If you are in the highest risk group you should soon get a letter or email from the NHS with further information.  This will tell you how you may be able to get treatment if you develop COVID-19. You will also be sent a PCR test to use as soon as you have symptoms or think that you might have COVID-19. This means that you will be able to start treatment as soon as possible after your symptoms have started.

If your PCR test is positive your local CMDU should then contact and assess you. If they think that one of the new treatments is suitable for you, they will organise for you to have one of the medicines if it is safe to do so. It is important to note that receiving a letter or email does not guarantee that you will receive the treatment. A clinician at a CMDU will assess you first and make the final decision.

We understand that monoclonal antibody treatment will be given at one of the CMDUs, but this may change. We will update our information as further details are available.

It is likely that the following people with Crohn’s or Colitis would be eligible for direct access to treatment:

We are seeking further clarification about who will be eligible for treatment and will update our information when further details are available.

What should I do if I'm eligible but not had a letter or email?

If you have recently started medicines that would make you eligible for treatment, you may not be automatically contacted. 

If you think you are eligible but not had a letter or email you should speak to your GP or call 111 for a referral.

If you have had a positive PCR test and think you are eligible for treatment call your GP or 111 and they may be able to make an urgent referral.

What should I do if I have had a letter or email, but not received a PCR test kit?

If you have had a letter or email, but no PCR test kit, you are advised to call 119.

What if I've used my PCR test kit and need another one?

If you need a replacement PCR test kit you are advised to call 119.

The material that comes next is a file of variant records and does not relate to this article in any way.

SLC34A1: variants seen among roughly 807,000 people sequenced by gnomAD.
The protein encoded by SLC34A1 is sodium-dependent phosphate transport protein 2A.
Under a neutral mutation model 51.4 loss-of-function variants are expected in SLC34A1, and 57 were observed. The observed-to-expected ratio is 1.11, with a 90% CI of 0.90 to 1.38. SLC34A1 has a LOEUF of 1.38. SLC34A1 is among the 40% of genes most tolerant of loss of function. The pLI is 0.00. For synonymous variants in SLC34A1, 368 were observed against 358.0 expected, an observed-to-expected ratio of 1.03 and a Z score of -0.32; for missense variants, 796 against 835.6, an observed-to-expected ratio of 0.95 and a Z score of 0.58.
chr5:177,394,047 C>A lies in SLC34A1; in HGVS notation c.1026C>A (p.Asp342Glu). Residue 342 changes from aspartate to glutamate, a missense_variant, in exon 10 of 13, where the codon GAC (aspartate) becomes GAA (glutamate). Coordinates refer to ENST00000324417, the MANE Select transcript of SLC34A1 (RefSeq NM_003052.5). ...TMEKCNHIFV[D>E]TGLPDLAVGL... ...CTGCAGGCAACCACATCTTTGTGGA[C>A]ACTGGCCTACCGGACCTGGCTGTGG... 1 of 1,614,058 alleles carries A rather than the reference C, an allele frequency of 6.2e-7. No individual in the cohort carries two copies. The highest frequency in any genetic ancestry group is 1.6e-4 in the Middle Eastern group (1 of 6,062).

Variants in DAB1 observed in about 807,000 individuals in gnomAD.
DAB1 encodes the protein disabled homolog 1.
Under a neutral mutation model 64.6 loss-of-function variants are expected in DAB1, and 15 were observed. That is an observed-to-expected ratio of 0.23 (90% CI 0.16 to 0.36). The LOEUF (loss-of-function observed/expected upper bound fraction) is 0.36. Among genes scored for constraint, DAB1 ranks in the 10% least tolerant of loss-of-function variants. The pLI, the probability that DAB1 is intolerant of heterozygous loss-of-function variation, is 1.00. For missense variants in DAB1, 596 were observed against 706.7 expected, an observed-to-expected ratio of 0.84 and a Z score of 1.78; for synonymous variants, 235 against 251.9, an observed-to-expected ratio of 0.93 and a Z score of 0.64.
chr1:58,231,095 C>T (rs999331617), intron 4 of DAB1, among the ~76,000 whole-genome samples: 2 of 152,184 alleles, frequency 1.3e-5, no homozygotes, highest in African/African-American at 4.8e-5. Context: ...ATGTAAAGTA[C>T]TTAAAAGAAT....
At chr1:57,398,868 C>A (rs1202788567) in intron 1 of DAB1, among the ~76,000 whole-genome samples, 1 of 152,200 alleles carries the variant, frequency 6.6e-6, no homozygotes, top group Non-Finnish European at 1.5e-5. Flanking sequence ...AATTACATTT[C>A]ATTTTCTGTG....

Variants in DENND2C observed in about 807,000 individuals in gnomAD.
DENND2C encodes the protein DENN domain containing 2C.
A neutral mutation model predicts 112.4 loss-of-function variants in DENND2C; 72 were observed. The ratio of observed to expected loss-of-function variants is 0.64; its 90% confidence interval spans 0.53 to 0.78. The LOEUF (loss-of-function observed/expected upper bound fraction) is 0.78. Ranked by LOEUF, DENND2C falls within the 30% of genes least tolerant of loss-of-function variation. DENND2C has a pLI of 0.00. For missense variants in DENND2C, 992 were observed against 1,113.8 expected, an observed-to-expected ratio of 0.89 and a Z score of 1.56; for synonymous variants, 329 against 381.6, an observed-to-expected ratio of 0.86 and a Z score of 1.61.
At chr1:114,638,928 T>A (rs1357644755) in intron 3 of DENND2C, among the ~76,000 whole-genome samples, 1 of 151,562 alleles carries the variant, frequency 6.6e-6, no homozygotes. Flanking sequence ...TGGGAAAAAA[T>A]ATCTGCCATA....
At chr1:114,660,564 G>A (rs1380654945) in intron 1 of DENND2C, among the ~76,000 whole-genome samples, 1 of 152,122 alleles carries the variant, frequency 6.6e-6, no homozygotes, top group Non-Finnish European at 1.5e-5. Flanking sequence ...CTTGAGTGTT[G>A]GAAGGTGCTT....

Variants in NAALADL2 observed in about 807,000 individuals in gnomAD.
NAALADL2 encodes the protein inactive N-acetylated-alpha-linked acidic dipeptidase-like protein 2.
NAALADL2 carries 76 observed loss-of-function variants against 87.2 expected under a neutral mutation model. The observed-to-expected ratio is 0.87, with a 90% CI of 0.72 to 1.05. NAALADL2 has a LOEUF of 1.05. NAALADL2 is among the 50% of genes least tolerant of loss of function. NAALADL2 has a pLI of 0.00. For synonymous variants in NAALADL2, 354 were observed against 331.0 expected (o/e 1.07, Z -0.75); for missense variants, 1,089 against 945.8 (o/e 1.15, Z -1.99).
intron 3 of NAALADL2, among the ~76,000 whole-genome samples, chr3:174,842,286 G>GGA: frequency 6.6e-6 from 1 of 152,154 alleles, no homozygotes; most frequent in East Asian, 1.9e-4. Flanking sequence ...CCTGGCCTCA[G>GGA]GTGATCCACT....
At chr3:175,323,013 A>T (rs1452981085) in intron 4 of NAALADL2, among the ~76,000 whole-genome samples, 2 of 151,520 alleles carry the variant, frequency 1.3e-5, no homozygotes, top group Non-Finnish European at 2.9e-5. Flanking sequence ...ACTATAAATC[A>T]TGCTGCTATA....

What if my PCR test is positive but no-one has contacted me about treatment?

If you think you are eligible for treatment and no-one has contacted you within 24 hours of a positive test result you should call your GP or 111.

Further information on direct access to treatment can be found here.


What it is a monoclonal antibody treatment?

Antibodies are proteins made by your body to fight infection. Monoclonal antibodies are similar to the antibodies that your body makes, but they are made by scientists in a lab.

Monoclonal antibodies work by attaching themselves to coronavirus. This stops the virus making more of itself. It also stops the virus causing further damage to the body.


What is an antiviral treatment?

Molnupiravir (brand name, Lagevrio) is an antiviral. It works by interfering with the DNA of the virus, which means the virus can’t make more of itself. This reduces your risk of becoming unwell as the virus can’t grow as quickly.  

For more information, see the patient Information leaflet for Lagevrio.


Does it matter if I’ve had the vaccine?

Your vaccination status will not affect your eligibility for either programme. However, it's advised to get your vaccine (and boosters).


What happens if I get COVID-19 and need to go to hospital?

If you have COVID-19 and are seriously unwell (whether you have received treatment or not) call 111 or 999. Visit the NHS website for more information on the symptoms to watch out for.